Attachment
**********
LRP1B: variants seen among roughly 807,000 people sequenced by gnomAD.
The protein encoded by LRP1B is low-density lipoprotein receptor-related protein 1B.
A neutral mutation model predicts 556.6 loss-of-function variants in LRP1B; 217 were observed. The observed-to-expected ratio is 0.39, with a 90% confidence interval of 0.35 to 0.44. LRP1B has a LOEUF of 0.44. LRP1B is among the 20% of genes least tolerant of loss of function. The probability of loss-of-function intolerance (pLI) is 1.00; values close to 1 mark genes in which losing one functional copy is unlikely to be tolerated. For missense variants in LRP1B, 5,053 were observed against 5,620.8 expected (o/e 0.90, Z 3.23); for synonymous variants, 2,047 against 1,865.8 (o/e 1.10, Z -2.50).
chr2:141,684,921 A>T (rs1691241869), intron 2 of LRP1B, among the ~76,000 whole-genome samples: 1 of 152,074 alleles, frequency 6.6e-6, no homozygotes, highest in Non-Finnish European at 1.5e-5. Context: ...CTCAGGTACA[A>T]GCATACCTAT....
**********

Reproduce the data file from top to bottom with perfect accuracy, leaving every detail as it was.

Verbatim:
LRP1B: variants seen among roughly 807,000 people sequenced by gnomAD.
The protein encoded by LRP1B is low-density lipoprotein receptor-related protein 1B.
A neutral mutation model predicts 556.6 loss-of-function variants in LRP1B; 217 were observed. The observed-to-expected ratio is 0.39, with a 90% confidence interval of 0.35 to 0.44. LRP1B has a LOEUF of 0.44. LRP1B is among the 20% of genes least tolerant of loss of function. The probability of loss-of-function intolerance (pLI) is 1.00; values close to 1 mark genes in which losing one functional copy is unlikely to be tolerated. For missense variants in LRP1B, 5,053 were observed against 5,620.8 expected (o/e 0.90, Z 3.23); for synonymous variants, 2,047 against 1,865.8 (o/e 1.10, Z -2.50).
chr2:141,684,921 A>T (rs1691241869), intron 2 of LRP1B, among the ~76,000 whole-genome samples: 1 of 152,074 alleles, frequency 6.6e-6, no homozygotes, highest in Non-Finnish European at 1.5e-5. Context: ...CTCAGGTACA[A>T]GCATACCTAT....